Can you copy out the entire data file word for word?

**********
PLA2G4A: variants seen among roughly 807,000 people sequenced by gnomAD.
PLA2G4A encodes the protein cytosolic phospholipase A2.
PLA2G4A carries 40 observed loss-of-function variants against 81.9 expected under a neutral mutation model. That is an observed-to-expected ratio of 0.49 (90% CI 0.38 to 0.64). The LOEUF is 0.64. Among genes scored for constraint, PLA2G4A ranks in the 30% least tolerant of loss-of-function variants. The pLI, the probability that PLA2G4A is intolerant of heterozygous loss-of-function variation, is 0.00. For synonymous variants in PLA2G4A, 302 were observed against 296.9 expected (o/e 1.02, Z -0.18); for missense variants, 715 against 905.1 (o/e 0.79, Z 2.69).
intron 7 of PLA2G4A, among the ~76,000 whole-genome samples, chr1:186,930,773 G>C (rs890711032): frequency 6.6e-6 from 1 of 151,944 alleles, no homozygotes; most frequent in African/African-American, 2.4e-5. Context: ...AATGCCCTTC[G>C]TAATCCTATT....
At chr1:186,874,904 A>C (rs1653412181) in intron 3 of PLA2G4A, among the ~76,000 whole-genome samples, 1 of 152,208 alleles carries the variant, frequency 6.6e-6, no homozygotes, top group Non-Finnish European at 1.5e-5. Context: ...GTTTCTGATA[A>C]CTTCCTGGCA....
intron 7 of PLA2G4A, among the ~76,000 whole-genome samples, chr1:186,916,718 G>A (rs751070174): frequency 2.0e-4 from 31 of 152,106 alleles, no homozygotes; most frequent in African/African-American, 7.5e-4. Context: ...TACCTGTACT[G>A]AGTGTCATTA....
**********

PLA2G4A: variants seen among roughly 807,000 people sequenced by gnomAD.
PLA2G4A encodes the protein cytosolic phospholipase A2.
PLA2G4A carries 40 observed loss-of-function variants against 81.9 expected under a neutral mutation model. That is an observed-to-expected ratio of 0.49 (90% CI 0.38 to 0.64). The LOEUF is 0.64. Among genes scored for constraint, PLA2G4A ranks in the 30% least tolerant of loss-of-function variants. The pLI, the probability that PLA2G4A is intolerant of heterozygous loss-of-function variation, is 0.00. For synonymous variants in PLA2G4A, 302 were observed against 296.9 expected (o/e 1.02, Z -0.18); for missense variants, 715 against 905.1 (o/e 0.79, Z 2.69).
intron 7 of PLA2G4A, among the ~76,000 whole-genome samples, chr1:186,930,773 G>C (rs890711032): frequency 6.6e-6 from 1 of 151,944 alleles, no homozygotes; most frequent in African/African-American, 2.4e-5. Context: ...AATGCCCTTC[G>C]TAATCCTATT....
At chr1:186,874,904 A>C (rs1653412181) in intron 3 of PLA2G4A, among the ~76,000 whole-genome samples, 1 of 152,208 alleles carries the variant, frequency 6.6e-6, no homozygotes, top group Non-Finnish European at 1.5e-5. Context: ...GTTTCTGATA[A>C]CTTCCTGGCA....
intron 7 of PLA2G4A, among the ~76,000 whole-genome samples, chr1:186,916,718 G>A (rs751070174): frequency 2.0e-4 from 31 of 152,106 alleles, no homozygotes; most frequent in African/African-American, 7.5e-4. Context: ...TACCTGTACT[G>A]AGTGTCATTA....